Ergo, in this scenario, whose endgame is now playing out in Europe first, there really is a free lunch after all. Problem is, like a house of cards, it’ll all come tumbling down in the end, just like it is in Greece right now. We can learn the lesson and act on it this November, or not.

All this, including minor matters like the “fiscal cliff” of massive January 1 tax increases, is hanging heavier and heavier on the market this summer. Add in the Syrian mess and Iran’s murderous meddling nearly everywhere, throw in the “Dark Knight” massacre, and—just for fun—throw in the possibility of a terrorist incident during the current London Olympics, and you have a market with a continuing bearish bias.

While we should open down this morning, there might be some kind of relief rally if traders (read insiders) get a whiff of a good number from Apple sometime today before they report. That stalwart stock has the potential to reverse the NASDAQ back into an upward trajectory. Or not. Numbers could be slightly “weaker than expected” due to iPhone sales possibly trailing off as users anticipate a new iPhone 5 this fall and hold off on purchases. (The Maven happens to be one of them, still limping along with his old Motorola RAZR with the nearly dead battery.)

Otherwise, 2012 is looking a lot like 2011 with its negative, meat-grinder summer swoon and its surprise autumn pickup. As for this year’s potential pickup, however, we’ll just have to wait and see about that fiscal cliff which might still threaten even if Romney should pull out a win. Dems are sore losers.

Disclaimer: The author of this column maintains several active trading and investment portfolios and owns residential and investment real estate.

Positions mentioned above describe this author’s own investment decisions and should not be construed as either buy or sell recommendations. The current market is highly treacherous and all investors travel at their own risk, so caution should be exercised at all times.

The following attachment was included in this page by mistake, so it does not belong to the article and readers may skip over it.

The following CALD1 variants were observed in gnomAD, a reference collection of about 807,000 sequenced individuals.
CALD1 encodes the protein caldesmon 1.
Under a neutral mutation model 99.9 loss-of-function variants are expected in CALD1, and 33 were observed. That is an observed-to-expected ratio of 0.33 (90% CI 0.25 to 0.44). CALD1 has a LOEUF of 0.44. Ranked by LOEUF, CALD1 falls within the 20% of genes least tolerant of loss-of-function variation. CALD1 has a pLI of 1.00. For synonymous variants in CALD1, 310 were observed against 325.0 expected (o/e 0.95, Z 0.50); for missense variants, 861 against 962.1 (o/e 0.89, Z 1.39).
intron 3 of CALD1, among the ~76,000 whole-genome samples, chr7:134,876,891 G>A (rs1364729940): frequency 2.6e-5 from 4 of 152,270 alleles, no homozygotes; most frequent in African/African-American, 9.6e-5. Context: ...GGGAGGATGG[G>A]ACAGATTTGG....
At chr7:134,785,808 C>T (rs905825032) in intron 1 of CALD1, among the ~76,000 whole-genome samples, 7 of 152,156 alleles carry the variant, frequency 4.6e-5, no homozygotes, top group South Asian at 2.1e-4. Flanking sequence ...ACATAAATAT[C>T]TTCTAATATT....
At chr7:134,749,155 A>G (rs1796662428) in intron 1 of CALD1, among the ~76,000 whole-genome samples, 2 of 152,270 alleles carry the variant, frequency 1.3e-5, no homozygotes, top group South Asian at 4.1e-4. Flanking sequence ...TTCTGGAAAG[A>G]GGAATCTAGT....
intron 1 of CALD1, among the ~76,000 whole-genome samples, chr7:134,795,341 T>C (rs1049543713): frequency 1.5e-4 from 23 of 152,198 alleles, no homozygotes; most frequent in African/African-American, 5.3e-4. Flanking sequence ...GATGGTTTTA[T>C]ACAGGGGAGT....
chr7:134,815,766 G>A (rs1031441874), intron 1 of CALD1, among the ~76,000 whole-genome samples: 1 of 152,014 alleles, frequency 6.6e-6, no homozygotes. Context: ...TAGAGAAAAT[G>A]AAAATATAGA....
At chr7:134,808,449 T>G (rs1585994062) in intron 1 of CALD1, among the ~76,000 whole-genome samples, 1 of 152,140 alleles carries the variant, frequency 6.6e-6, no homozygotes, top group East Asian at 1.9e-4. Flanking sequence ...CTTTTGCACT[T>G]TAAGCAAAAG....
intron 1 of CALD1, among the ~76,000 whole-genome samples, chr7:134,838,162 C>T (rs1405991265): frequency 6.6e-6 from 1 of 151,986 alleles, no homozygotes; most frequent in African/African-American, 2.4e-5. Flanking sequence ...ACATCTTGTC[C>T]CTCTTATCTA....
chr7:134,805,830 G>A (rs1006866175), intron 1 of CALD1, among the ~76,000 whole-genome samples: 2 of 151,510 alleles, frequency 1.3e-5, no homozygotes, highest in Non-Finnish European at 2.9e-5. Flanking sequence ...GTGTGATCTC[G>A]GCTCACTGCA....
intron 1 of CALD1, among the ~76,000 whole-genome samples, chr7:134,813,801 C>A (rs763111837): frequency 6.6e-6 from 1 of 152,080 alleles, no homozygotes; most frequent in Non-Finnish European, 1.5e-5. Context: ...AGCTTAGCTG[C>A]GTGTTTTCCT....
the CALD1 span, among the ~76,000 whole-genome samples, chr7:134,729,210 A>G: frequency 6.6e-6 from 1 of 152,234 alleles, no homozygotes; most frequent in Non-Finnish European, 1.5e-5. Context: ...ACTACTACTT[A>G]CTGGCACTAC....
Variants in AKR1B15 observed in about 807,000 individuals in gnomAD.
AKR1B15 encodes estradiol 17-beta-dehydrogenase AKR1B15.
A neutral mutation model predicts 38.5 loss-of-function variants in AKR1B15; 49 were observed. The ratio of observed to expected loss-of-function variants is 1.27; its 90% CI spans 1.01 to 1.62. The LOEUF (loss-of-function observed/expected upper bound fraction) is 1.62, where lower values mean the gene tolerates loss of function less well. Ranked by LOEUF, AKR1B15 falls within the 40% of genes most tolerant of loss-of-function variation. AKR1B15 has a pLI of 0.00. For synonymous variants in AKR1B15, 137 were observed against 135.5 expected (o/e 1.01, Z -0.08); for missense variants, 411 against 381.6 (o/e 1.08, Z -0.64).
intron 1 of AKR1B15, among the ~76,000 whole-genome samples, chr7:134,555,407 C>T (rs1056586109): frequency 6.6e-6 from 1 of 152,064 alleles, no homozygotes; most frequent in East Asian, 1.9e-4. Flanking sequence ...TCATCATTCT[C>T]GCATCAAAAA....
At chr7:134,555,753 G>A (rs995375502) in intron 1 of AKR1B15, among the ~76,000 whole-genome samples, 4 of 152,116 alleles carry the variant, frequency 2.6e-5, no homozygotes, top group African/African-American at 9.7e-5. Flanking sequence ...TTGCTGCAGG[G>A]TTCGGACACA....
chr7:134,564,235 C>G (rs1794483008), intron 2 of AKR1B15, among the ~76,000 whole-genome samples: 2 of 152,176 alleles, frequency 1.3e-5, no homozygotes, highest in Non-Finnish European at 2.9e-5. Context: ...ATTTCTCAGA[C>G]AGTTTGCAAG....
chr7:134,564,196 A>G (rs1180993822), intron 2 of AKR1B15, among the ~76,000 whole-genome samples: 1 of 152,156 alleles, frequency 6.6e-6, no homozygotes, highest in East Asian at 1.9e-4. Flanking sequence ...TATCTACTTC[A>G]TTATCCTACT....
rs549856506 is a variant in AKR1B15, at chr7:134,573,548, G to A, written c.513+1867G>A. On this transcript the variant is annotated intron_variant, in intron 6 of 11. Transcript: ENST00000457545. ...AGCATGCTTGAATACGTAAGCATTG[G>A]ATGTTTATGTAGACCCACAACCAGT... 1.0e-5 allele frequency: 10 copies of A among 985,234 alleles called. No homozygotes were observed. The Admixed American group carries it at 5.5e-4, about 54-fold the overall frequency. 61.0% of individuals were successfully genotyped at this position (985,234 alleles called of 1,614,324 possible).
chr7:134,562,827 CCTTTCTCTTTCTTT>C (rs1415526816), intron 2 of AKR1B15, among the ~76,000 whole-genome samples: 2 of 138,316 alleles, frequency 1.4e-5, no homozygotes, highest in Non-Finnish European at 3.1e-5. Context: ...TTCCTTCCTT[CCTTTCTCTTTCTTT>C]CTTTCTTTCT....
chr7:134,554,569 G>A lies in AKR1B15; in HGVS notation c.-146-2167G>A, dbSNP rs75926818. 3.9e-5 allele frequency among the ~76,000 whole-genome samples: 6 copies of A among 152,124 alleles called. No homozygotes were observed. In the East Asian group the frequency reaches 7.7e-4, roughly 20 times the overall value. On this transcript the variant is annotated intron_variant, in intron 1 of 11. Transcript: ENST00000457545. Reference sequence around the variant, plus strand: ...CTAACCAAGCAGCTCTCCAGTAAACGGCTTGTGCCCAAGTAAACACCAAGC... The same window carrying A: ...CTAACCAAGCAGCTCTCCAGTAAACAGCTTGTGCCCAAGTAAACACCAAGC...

Illustrations, charts, commentary, and analysis are only the author’s view of current or historical market activity and don’t constitute a recommendation to buy or sell any security or contract. Views, indications, and analysis aren’t necessarily predictive of any future market or government action. Rather they indicate the author’s opinion as to a range of possibilities that may occur going forward.

References to other reporters, analysts, pundits, or commentators are illustrative only and do not necessarily represent an endorsement of such individuals’ points of view. If specific investment vehicles are mentioned in any article under this column heading, the author will always fully disclose any active or contemplated investments in said vehicles.

Read more of Terry’s news and reviews at Curtain Up! in the Entertain Us neighborhood of the Washington Times Communities. For Terry’s investing and political insights, visit his Communities columns, The Prudent Man and Morning Market Maven, in Business.

Follow Terry on Twitter @terryp17

 


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Terry Ponick

Now writing on investing, politics, music, movies and theater for the Washington Times Communities, Terry was formerly the longtime music and culture critic for the Washington Times print edition (1994-2009) before moving online with Communities in 2010.